The alternative theatre groups are spread throughout the country, and whereas Auckland and Wellington may at one time have harboured the ‘rebels’, these are now found nationwide as the new millennium begins. Briar Grace-Smith is a Maori writer of international repute; her work Purapurawhetu has been performed in Canada, as was Waitapu in 1996. James Beaumont creates very surreal theatre pieces and he is now working at Waikato University in Hamilton. His memorable theatre pieces include Wild Cabbage, Blood for 2d, and Black Halo, a post-apocalyptic analysis of Thatcherism loosely based on Waiting for Godot. All these works were performed at the Depot in Wellington in the 80s.

In Wellington, Paul Jendon directs and dances in gorgeously costumed extravagant productions: 1001 Nights, Dance for Dummies and Dragon in a Wagon for children. My own favourite for 1999 in Wellington was Split, in which Kelson Henderson and Damon Andrews showed two sides of one personality using acrobatics which had the audience gasping with disbelief. Directed by Jed Brophy, this one-hour of exhaustion could and should travel well overseas.

Wellington is the home of Toi Whakaari – the National Drama School - and two ex-students have hit the big-time with solo performances: Tim Balme was highly successful not only in New Zealand but also at the Edinburgh Festival Fringe and in England, Ireland and Israel with his solo show Johnny Costello, directed by Simon Bennett. Jacob Rajan, using a multiplicity of masks, was also highly successful at the Edinburgh Festival Fringe with Krishna’s Dairy. His latest play opened at the New Zealand International Festival of the Arts in March. Gary Henderson’s adaptation of the Denis Glover poem ‘The Magpie’ (Skin Tight) won a Fringe First at Edinburgh and has toured extensively nationally and internationally.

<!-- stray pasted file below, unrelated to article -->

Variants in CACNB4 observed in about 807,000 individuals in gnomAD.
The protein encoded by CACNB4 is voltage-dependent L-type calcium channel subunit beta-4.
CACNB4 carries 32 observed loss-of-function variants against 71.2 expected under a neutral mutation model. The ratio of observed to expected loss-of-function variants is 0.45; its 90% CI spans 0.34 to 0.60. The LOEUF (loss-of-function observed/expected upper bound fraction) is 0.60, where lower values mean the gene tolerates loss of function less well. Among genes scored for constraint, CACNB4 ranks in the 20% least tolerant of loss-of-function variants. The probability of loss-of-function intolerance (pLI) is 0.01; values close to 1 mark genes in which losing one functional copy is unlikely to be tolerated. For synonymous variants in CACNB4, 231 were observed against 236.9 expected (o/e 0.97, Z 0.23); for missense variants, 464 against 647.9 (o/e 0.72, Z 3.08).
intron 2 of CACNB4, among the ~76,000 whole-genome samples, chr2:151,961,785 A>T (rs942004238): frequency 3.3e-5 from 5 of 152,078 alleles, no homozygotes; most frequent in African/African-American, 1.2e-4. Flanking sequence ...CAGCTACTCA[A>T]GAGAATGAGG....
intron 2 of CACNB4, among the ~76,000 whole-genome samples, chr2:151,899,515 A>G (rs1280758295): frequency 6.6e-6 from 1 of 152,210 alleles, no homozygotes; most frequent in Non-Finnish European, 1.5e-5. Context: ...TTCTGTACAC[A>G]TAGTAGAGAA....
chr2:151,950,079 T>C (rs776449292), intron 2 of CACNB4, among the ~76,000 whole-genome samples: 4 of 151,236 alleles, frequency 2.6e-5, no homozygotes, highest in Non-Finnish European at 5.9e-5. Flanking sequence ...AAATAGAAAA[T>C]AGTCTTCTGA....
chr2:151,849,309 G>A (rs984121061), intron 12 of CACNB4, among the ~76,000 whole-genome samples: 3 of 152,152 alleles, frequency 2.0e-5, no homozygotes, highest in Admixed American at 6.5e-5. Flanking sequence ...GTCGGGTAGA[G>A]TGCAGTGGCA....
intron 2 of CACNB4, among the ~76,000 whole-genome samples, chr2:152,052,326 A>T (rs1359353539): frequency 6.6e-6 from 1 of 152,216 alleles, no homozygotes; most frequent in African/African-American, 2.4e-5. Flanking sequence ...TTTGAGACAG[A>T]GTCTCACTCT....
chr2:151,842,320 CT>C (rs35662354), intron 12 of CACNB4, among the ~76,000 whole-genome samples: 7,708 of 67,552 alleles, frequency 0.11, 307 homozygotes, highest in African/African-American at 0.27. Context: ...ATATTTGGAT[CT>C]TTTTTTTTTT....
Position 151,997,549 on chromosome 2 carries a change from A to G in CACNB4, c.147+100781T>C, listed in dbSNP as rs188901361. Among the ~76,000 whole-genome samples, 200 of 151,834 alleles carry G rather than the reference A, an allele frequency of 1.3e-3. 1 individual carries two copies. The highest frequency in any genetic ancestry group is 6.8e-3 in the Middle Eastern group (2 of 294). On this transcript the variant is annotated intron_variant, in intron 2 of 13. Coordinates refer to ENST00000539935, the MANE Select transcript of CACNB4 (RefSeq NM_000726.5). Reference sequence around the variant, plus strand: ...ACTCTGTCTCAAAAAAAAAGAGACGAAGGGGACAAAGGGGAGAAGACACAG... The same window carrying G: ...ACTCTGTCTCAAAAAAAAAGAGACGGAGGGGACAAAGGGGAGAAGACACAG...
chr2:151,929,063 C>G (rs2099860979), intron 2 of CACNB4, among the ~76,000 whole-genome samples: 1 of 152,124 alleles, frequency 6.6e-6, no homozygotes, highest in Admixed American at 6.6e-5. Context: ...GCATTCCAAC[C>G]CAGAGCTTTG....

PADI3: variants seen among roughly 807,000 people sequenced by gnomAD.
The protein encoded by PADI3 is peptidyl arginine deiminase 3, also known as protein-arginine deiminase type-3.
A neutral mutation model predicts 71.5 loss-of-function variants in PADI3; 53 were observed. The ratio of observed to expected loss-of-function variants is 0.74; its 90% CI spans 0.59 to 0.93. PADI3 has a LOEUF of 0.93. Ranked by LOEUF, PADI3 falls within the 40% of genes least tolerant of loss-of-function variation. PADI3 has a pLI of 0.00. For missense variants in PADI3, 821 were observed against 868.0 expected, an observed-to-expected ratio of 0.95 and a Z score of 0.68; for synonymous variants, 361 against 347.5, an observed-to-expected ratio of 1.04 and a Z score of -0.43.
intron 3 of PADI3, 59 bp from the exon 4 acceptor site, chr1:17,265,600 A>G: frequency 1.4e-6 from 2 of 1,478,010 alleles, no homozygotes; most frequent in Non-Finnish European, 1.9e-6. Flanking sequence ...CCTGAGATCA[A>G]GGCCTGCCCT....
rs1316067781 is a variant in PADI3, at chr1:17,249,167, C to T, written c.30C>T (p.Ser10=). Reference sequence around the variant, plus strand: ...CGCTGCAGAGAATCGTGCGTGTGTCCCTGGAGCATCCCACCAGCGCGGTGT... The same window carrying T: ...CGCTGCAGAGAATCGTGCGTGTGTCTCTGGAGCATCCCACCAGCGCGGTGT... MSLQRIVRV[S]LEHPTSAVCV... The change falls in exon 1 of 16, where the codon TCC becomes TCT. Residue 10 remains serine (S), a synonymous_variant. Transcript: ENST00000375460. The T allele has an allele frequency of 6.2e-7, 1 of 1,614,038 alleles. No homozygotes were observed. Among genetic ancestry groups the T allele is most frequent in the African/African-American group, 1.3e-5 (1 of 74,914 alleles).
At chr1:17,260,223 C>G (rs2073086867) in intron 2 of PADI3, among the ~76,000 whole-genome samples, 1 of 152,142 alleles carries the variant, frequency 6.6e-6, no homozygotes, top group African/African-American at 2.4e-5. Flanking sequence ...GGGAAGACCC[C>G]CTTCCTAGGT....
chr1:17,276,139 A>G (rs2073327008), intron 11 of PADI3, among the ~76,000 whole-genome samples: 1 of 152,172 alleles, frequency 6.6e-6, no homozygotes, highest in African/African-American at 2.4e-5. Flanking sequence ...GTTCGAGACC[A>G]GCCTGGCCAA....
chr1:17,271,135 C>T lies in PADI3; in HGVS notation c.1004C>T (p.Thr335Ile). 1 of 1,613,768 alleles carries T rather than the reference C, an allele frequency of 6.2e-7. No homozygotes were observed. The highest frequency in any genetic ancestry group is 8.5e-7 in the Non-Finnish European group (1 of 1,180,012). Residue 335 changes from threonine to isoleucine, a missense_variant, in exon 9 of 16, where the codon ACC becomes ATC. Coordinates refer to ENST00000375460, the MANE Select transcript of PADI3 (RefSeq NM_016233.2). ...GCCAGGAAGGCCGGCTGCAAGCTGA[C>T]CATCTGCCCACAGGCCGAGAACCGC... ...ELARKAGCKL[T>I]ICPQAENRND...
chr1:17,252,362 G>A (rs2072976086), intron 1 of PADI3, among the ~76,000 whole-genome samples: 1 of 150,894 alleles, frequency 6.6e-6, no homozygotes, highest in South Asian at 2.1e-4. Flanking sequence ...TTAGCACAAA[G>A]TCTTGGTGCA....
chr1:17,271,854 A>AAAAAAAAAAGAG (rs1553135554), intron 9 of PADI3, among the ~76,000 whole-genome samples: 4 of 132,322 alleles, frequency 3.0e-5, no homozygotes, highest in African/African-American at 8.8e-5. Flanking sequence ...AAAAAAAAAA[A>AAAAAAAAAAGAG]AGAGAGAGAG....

The National Drama School puts emphasis on theatre, Maori and Pacific. Taki Rua Theatre in Wellington has often launched the works of these talented young actors. Toa Fraser, a Fijian Indian writer, whose works premiered at Auckland’s Silo Theatre, rocked Wellington with Bare, and is now returning for a second season. Both Bats in Wellington and Silo in Auckland have been instrumental in encouraging new experimental work.

Unitec in Auckland has a strong Performing Arts Department, while the Department of Theatre and Film at Victoria University in Wellington has turned out numerous actors and directors. Christchurch Teachers College is host to the National Academy of Singing and Dramatic Art, while Dunedin University has long been connected with ‘new’ theatre, emanating from Allen Hall Theatre and The Globe Theatre. This huge burgeoning of tertiary performing arts courses is indicative of a shift in mind-set of the public and educators towards the arts as a viable career opportunity.

Celebrating twenty-five years of touring nationally and internationally this year is my own company, Mime International. The Pacific Islands, Zimbabwe, Mexico, China, Singapore and Australia have all been hosts to the company, whose inspiration comes from the Rose Bruford College of Sidcup. In the nationwide picture, Mime International fills a gap – no other New Zealand group provides silent illusionary mime programmes suitable for school and family audiences. Throughout its history, cast members have gone on to develop their own touring shows, and most notable are Stephen Aitken, Michelle Hine, Fergus Aitken (Mr Fungus), Tim Denton (About Face), Katie Haines de Viere and Gavin White. About Face and Out of Hand (Anne Forbes) are gaining a large international following and are frequently being asked to tour at overseas festivals.

There was a time when unemployed actors could be on the dole while creating their next piece of theatre. This is no longer possible. The New Zealand 1990 budget changed the laws and so many creative actors are now out there working themselves to exhaustion in cafes and hotels, while trying to remain faithful to their first love. Their spirit remains unbroken and, as the new New Zealand Prime Minister Helen Clark is also Minister for the Arts – who knows what will happen?

I would encourage visitors from the UK to consider visiting New Zealand during the International Festival of the Arts which is next held in March 2002. The best of the New Zealand physical theatre groups perform at the Fringe Festival while more mainstream works and the overseas groups are to be found on the main stages of Wellington. It’s usually still summertime in March, warm both climatically and theatrically. See you there.